I was wrong about walking. As a sedentary-video-game-nerd in recovery, I used to think walking was one of the most pointless, silly things I had to do.
I ruthlessly tried to cut out every ounce of it from my routine.
Even once I began lifting weights and overhauled my diet, walking was something in begrudgingly did to get to the gym (only a few minutes away).
And even after coaching guys and gals for many years on how to lift weights and eat better—I still avoided walking.
I designed my life to work from home, had my groceries delivered and used Amazon Prime to avoid errands.
But in the past couple of years, I’ve radically changed my tune—
And now, everywhere I look there are more and more benefits—some more shocking than others.
Benefits of walking
- Walking burns both stubborn belly-fat and visceral fat—without being in a calorie deficit
- Walking lowers blood sugars without insulin—reducing chronic inflammation and fat-storage
- Walking releases an antioxidant from our muscles called extracellular superoxide dismutase (EcSOD)—protecting our muscles and preventing disease
- Walking helps with anxiety, depression, and ADHD
- Walking will extend your life—both quality and quantity
- Walking improves recovery after lifting weights through nutrient delivery through blood flow
Now I recently found out that walking more can increase your testosterone.
(If you’re a woman and reading this, I would guess that walking makes men more manly, and walking makes women more womanly. Good health = being more “you.”)
Testosterone + Walking Study
Let’s look at a 2015 study succinctly titled “Increased physical activity has a greater effect than reduced energy intake on lifestyle modification-induced increases in testosterone.”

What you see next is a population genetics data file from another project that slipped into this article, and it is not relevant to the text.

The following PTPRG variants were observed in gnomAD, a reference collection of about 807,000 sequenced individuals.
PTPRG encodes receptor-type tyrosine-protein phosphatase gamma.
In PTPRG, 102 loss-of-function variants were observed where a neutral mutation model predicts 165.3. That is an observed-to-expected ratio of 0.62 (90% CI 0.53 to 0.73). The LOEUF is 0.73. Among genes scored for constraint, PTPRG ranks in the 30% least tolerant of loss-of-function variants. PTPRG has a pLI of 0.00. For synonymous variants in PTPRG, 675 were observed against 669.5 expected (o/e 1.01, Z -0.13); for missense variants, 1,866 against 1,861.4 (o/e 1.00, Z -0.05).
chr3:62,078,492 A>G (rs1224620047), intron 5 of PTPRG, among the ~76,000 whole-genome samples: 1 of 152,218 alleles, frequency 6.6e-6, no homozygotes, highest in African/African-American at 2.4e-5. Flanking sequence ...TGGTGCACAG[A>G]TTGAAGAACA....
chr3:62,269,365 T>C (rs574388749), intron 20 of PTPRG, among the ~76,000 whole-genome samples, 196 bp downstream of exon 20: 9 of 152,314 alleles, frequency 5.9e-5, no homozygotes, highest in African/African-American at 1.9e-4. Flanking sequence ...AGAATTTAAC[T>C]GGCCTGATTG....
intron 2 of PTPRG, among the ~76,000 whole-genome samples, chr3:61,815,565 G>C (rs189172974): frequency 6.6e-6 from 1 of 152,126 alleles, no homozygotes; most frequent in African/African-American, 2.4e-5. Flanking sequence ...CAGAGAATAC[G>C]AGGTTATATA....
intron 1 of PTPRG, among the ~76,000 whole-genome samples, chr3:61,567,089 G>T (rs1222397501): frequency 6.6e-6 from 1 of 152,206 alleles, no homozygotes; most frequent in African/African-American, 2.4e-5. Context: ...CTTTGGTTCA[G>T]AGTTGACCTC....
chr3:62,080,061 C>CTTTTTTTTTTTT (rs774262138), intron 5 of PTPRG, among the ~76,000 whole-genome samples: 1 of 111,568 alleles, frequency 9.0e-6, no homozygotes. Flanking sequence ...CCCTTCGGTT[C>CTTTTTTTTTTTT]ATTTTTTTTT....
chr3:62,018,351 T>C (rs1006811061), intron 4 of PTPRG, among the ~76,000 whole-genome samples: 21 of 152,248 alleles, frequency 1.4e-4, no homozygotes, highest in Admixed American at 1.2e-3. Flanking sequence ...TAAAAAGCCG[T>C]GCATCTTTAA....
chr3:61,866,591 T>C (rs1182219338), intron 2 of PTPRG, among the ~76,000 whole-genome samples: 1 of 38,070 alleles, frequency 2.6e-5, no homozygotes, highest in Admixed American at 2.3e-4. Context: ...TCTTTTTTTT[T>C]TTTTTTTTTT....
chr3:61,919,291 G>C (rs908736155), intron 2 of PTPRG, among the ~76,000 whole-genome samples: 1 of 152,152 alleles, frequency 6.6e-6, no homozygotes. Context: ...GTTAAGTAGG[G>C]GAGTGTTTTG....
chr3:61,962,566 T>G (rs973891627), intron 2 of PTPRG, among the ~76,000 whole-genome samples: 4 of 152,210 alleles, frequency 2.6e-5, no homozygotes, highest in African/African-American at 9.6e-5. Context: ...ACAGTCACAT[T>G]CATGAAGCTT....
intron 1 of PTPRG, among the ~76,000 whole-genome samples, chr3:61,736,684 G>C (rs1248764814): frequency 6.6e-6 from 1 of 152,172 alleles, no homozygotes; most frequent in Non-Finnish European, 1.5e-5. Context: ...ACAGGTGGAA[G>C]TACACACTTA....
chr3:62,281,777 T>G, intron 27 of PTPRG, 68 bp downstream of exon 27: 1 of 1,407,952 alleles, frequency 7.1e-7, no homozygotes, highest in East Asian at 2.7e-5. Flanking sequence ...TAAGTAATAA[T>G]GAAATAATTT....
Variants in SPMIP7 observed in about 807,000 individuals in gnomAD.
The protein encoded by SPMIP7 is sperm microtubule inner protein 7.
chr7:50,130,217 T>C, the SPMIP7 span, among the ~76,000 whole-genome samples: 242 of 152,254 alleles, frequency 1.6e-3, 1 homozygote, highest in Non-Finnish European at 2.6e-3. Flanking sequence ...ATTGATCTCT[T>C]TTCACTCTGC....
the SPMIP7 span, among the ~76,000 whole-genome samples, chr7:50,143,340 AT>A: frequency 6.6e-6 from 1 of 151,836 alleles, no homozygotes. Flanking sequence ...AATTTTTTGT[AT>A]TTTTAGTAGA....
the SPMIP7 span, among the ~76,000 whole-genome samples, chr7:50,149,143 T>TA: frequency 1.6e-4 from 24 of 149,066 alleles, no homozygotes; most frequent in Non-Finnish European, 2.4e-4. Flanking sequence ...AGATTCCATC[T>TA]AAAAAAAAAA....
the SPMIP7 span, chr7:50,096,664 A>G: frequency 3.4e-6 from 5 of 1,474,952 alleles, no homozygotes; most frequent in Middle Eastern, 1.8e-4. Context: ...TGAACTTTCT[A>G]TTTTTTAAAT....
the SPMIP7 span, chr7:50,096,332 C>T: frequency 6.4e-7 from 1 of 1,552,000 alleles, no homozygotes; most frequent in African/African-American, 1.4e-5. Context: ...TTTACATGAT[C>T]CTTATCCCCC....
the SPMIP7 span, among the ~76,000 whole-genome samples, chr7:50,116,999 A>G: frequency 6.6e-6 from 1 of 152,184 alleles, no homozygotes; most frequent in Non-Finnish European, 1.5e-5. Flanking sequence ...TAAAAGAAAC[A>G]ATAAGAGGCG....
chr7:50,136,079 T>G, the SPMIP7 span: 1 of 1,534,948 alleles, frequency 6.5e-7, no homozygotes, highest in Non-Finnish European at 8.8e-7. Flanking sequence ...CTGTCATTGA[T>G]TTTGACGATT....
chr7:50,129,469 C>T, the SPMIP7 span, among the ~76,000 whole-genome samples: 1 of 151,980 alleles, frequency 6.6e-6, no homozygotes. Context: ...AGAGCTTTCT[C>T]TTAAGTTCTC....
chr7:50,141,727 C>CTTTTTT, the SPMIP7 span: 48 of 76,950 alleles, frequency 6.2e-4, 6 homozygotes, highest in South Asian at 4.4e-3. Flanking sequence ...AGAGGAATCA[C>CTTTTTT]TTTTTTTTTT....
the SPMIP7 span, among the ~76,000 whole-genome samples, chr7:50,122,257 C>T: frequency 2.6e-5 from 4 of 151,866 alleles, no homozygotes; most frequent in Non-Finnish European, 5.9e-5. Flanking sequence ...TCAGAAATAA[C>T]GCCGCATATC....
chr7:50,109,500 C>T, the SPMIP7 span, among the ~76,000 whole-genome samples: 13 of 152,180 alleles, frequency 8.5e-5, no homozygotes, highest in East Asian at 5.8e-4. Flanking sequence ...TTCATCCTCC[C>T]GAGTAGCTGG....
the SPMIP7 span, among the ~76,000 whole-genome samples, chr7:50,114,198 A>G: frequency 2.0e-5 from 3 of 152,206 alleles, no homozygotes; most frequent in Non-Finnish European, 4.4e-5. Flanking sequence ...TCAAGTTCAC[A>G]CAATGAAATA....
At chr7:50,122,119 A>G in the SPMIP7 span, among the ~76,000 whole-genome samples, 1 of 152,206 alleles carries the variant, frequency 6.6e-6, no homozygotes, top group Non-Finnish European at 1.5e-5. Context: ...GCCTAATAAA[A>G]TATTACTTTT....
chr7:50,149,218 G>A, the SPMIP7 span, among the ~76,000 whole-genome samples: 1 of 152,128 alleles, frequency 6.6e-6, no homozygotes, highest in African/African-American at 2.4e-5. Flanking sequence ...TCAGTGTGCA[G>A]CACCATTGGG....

Researchers took overweight men who were nearly fifty years old and put them in two groups:
- One on a diet
- One on a diet with a 40–60 minutes walking (or jogging) session 4-7 times a week.
The group that was walking went from an average of 7,300 daily steps to 11,000 daily steps. (That’s an average, some guys were walking as little as 1,100 daily steps to start.)
Over 12 weeks, some crazy things started to happen. The average guy walking more:
- Lost 12cm off their waist
- Had their resting heart rate dropped from 65 to 56
- Had their cholesterol, insulin, and triglyceride levels improve
- Had their vo2max increase from 28.9 (very poor) to 35.9 (fair)
- Had their testosterone shot up
The diet-only group lost more weight—but their pot belly didn’t budge as much.
That makes it likely that the diet-only group probably burnt less fat (smaller belly loss), which would mean that weight loss came from muscle—not good.
And, those in the diet-only group didn’t get the same testosterone improvements.
The group walking saw this testosterone boost happen:
Why does walking and testosterone matter?
Well, if you’re skinny-fat and/or you work a desk-job (sedentary), and you want to get more muscular, leaner, and burn off stubborn belly fat?
Yes, you’ll need to put in the work by lifting weights and learning what to eat (and when to eat.)
But don’t shy away from those long, outdoor walks in the beautiful sunshine—like I was.
Here’s what Amy said after putting our walking principles in action:
“Just finished up Week 2. I got in my morning/evening walks – they are a highlight of my day.”
And from Rohan:
“Added a goal to get more walks in, [and] that has had a direct effect of increasing my energy levels. It just feels good. I also have hope that I can actually fix my health, which is a great thing, as I wasn’t sure what was wrong with me.”
That’s it for today. If you want help learning how to become lean, strong, and healthy—I suggest taking a look at our True Gains program.